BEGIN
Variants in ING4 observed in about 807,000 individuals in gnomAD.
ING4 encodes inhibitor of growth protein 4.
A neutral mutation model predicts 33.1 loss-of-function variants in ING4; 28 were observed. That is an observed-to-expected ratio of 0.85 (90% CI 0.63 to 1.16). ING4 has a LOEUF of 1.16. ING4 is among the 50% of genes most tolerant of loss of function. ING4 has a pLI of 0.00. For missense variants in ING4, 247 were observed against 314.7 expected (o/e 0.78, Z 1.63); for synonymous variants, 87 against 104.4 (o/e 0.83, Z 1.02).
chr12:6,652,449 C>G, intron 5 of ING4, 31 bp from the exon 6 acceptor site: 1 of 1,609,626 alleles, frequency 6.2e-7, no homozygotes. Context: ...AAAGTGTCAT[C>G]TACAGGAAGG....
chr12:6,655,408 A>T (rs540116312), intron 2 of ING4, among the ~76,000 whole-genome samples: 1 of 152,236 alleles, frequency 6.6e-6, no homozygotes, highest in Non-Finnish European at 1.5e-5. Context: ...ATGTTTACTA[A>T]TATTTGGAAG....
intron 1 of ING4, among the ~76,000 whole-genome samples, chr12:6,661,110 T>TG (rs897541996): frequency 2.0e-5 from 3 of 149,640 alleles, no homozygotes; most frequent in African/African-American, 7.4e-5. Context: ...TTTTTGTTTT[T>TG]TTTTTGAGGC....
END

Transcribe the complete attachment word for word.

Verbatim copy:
Variants in ING4 observed in about 807,000 individuals in gnomAD.
ING4 encodes inhibitor of growth protein 4.
A neutral mutation model predicts 33.1 loss-of-function variants in ING4; 28 were observed. That is an observed-to-expected ratio of 0.85 (90% CI 0.63 to 1.16). ING4 has a LOEUF of 1.16. ING4 is among the 50% of genes most tolerant of loss of function. ING4 has a pLI of 0.00. For missense variants in ING4, 247 were observed against 314.7 expected (o/e 0.78, Z 1.63); for synonymous variants, 87 against 104.4 (o/e 0.83, Z 1.02).
chr12:6,652,449 C>G, intron 5 of ING4, 31 bp from the exon 6 acceptor site: 1 of 1,609,626 alleles, frequency 6.2e-7, no homozygotes. Context: ...AAAGTGTCAT[C>G]TACAGGAAGG....
chr12:6,655,408 A>T (rs540116312), intron 2 of ING4, among the ~76,000 whole-genome samples: 1 of 152,236 alleles, frequency 6.6e-6, no homozygotes, highest in Non-Finnish European at 1.5e-5. Context: ...ATGTTTACTA[A>T]TATTTGGAAG....
intron 1 of ING4, among the ~76,000 whole-genome samples, chr12:6,661,110 T>TG (rs897541996): frequency 2.0e-5 from 3 of 149,640 alleles, no homozygotes; most frequent in African/African-American, 7.4e-5. Context: ...TTTTTGTTTT[T>TG]TTTTTGAGGC....